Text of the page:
We were told by the Ranger at the Visitor’s Center this is an active area for Mexican illegals moving through the area and if we see any unusual activity around the well we were to turn around immediately and return back up and out of the Valley. We figured we had gone about a mile and a quarter when our hike came to a halt. LOOKING ACROSS GROWLER VALLEY TO THE NORTH GROWLER MOUNTAIN RANGE IT IS SAID THAT WRITER EDWARD ABBEY IS BURIED UP THERE SOMEWHERE IN THE SOUTH GROWLER MOUNTAIN RANGE
There was Border Patrol personnel and vehicles ahead. Not wanting to walk into something we shouldn’t be walking into we decided to quietly turn around and return from whence we had come. We figured Border Patrol activity way out here in the middle of nowhere constituted unusual activity. A RATHER TREACHEROUS TRAIL TO HIKE
It was a hot exhausting climb back up that rocky trail with the warm mid day sun on our backs and no cooling breezes to cool us off. Took a short break about two thirds of the way up and then made the hard slog for the top along the steepest and ruggedest part of the trail. Needless to say we were happy to see the Jeep hove into sight and how great it was to take off the two heavy cameras I was carrying and flop into the soft cushy Jeep seat. LAST REST STOP BEFORE THE FINAL AND HARDEST PART OF THE TRAIL TO THE TOP OF THE RIDGE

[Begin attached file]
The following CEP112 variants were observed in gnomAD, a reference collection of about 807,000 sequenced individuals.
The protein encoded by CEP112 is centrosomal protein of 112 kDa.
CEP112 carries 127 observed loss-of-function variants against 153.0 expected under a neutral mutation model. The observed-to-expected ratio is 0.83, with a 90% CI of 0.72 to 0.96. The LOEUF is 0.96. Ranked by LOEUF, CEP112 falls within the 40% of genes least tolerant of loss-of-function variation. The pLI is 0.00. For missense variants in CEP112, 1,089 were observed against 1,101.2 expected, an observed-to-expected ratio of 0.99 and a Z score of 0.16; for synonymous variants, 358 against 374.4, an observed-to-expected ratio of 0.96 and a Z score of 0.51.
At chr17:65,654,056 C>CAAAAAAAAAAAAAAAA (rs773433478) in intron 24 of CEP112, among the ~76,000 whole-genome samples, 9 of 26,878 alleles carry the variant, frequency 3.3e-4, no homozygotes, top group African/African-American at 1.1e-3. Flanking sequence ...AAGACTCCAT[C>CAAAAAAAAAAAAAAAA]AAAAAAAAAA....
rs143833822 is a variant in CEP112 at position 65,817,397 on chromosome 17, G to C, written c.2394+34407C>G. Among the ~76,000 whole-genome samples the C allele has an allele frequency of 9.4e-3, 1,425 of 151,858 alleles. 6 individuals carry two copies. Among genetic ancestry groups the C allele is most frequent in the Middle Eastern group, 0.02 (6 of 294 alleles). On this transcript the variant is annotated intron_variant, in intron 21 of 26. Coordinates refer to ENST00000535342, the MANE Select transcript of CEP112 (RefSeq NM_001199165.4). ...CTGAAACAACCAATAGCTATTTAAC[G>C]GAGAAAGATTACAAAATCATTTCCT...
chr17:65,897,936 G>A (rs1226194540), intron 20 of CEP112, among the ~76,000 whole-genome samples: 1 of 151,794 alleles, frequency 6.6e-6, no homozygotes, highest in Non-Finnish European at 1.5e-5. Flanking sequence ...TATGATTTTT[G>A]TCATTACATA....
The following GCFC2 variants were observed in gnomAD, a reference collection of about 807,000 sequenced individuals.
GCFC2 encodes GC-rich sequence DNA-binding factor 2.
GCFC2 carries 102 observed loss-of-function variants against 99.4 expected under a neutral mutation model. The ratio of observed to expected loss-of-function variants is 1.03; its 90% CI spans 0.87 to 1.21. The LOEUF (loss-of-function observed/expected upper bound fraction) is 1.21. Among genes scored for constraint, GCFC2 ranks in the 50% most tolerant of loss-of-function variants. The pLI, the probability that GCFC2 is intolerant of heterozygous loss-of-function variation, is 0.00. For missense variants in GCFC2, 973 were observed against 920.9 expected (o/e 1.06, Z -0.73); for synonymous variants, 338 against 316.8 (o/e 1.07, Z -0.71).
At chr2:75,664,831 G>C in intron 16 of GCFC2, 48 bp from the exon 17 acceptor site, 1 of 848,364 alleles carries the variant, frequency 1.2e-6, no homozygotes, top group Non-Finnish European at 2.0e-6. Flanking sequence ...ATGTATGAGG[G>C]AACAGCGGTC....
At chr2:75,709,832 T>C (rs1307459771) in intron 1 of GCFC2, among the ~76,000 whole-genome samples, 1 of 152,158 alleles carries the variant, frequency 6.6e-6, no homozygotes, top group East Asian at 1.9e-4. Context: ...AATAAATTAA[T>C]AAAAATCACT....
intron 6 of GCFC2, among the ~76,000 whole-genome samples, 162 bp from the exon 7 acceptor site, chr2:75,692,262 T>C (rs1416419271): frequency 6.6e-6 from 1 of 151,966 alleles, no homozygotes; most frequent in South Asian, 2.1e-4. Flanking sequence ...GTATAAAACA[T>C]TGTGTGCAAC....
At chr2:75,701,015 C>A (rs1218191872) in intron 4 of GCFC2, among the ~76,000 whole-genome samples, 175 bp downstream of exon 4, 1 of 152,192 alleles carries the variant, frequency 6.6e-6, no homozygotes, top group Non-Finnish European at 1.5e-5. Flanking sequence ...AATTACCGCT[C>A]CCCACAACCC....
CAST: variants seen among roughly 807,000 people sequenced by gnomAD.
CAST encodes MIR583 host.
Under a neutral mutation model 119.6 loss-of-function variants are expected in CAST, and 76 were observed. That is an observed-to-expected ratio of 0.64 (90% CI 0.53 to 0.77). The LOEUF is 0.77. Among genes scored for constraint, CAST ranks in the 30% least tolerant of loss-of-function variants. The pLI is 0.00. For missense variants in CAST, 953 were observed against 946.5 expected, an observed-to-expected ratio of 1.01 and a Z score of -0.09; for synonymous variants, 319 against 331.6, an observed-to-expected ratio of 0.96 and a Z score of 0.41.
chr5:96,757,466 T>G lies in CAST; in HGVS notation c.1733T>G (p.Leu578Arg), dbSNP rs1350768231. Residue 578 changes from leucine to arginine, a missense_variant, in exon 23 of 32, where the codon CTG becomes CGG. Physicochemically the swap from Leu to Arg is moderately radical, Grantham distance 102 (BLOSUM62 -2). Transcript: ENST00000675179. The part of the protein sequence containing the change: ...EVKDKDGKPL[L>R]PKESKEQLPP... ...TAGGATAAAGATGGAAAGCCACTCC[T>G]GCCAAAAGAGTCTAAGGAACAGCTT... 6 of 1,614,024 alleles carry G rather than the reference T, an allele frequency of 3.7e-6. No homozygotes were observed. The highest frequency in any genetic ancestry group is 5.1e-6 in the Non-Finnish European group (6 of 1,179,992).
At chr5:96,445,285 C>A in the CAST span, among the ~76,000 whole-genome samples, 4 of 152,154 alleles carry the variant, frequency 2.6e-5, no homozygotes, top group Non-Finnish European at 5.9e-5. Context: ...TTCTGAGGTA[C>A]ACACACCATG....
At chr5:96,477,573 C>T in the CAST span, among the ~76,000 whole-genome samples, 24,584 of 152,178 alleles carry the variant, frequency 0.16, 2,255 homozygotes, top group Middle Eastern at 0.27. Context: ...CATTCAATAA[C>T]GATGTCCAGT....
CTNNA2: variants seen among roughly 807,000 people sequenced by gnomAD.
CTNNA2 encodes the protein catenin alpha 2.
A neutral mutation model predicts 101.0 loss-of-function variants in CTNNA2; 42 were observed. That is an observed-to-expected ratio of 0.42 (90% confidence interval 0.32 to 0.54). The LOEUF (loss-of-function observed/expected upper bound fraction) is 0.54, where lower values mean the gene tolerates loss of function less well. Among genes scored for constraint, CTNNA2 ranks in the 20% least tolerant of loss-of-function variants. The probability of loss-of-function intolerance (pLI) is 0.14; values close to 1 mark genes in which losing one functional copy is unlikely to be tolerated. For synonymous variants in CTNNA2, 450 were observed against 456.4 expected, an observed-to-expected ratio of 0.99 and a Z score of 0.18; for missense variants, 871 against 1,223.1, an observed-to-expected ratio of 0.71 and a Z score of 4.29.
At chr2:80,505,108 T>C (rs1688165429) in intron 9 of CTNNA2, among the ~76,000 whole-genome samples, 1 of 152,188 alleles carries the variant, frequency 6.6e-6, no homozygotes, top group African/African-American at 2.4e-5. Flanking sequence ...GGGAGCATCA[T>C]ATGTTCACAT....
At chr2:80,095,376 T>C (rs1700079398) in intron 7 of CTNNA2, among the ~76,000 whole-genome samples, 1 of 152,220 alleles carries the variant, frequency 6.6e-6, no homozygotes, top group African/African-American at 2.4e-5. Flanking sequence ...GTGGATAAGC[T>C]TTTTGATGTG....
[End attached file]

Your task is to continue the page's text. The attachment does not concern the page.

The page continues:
We didn’t waste any time sight seeing on the way back out of the Refuge and it only took us 50 minutes to reach Ajo. We had been away from the doggy guys back at the rig longer than anticipated and we were anxious to get back. It was the longest time we had left Pheebs so far. We knew Motor would be fine but we were a little concerned about the Pheebs. Let’s just say we had the desert hammer down and had a fun and super bouncy drive back through the desert to Ajo:)) YEP, WE SCUFFED UP A FEW TIRES TODAY ALRIGHT
Glad to get back to the rig and find the gang just fine. Pheebs had managed to pull a few potatoes out of a closet but other than that everything was honky-dorry. It’s always a great big happy and slurpy reunion every time we come home. A QUICK STOP AT MARCELA’S CAFÉ FOR A QUICK BITE ON THE WAY HOME…BURRITO FOR KELLY AND A BURG FOR AL:))
And, a few words about Monday night’s blog. It has been brought to my attention that from time to time I get myself just a little too over the top, a little too enthusiastic, and a little too excitedly opinionated about my love of the boon docking lifestyle. It has been suggested it is a topic I talk about too much. Reluctantly, I have to agree and it’s a topic I will try to curb my enthusiasm and opinions about in the future. Sometimes some of us fellers have to have a few things pointed out to us now and again eh:))